Book Review – Oversubscribed, Daniel Priestley


I gave this book 5 stars in my GoodReads review. I do like a book that is high in principles, tools, techniques, and knowledge, and relatively low in allegory and stories of how other people have achieved results. Or perhaps it was because I read this book at a key time in our business when we are looking at our offering and increasing the value of our services to our clients. It ticked quite a few boxes in that regard.

Priestley sets out 7 principles for becoming oversubscribed. Why become oversubscribed? Because when you are oversubscribed you can concentrate on delighting your high valued clients and generate compound attraction from the results. I won’t list all of the principles. I want you to read this book. Here is some of what I took away from my reading.

Create your own market who value what you really offer. For this you need to know your customer & what you really offer. You can begin creating your own market by determining not to focus on the average. Like another book I read recently, The 10x Rule, if you focus on average you will always be average. Create your own market and serve them better than anyone else can.

Similarly, seperate your business from your industry. If you don’t, you will always compete on price with everyone else.

Look to your existing market, serve them well and create a loyal following. Seperate them from the industry to become a market of your own. If you cater to the masses, the market will force you down on price and want more for it.

Dedication to your customers. Deliver a remarkable service. This will seperate your market from everyone else and protect you from competition.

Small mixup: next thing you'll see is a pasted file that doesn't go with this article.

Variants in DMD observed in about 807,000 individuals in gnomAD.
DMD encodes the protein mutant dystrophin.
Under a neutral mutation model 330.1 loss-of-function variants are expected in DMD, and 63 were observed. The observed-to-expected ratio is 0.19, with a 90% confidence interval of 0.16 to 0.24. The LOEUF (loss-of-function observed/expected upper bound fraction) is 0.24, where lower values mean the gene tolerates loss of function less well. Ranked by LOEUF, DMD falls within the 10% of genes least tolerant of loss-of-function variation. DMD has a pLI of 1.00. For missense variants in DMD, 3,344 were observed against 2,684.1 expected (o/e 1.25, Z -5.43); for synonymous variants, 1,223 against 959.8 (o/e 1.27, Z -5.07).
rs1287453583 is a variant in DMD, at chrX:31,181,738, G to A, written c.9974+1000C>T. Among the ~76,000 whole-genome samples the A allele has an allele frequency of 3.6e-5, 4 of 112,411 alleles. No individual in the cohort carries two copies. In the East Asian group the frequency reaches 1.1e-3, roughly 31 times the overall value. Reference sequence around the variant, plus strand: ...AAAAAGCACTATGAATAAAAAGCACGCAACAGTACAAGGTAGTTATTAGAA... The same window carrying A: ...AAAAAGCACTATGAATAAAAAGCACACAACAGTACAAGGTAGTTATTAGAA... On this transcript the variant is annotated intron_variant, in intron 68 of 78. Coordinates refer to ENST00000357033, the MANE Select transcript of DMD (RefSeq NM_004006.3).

Become well known for it. Be everywhere (another 10x Rule principle), and authentic. Build your corporate and personal profile, reputation, via engagement and trust.

Create market imbalance in your favour via innovation, relationships, convenience, and price. This is spelled out plainly in the book and can be summed up as delivering something no-one else can, delivering via strong relationships with the customer, making it easy to access, at a price that reflects it’s exclusivity and value.

Create a buying environment. Some big quotes here that some might argue with. “People don’t buy what others want to sell. People buy what others want to buy.” Reward your customers, thrill them and celebrate them for purchasing your service or product from you. “People don’t buy what they need, they buy what they want.” So tap into their emotions, deliver what they want bundled with what you know they need.

It’s OK to be different. Again, trying to fit in with the crowd will get you nothing more than the crowd. So break the rules, just as the guys from 37signals talk about in Rework. Don’t be afraid to say no, that you are too busy to deliver the quality you stand by, the customer isn’t always right, what is right is the value in what you provide and being able to deliver it in the most effective and remarkable way for your clients.

Create an ecosystem of value and be remarkable. Value add to your offering to lift it by packaging in other high-value services that assist delivery. Concentrate on outstanding quality in what you offer. Become personally and professionally known for it.

The strategy Priestley offers is the Campaign Driven Enterprise Method. Turning your offering into a series of moments, promotions, or important events that attract large numbers of customers rather than winning them one by one. The book contains easy to digest steps on how to do this and each contains the detail required without fluff or too many allegories. It makes them easy to see them into your own business. There is critical depth here and marketing knowledge that solidly reinforces the principles into actionable tools.

Lastly the book looks at the business environment, and the team and culture required for a business to succeed with the applying the principles and methods. This includes a look at the self, and getting the self in the right gear to succeed with balance. And here is where my next book review might emerge …

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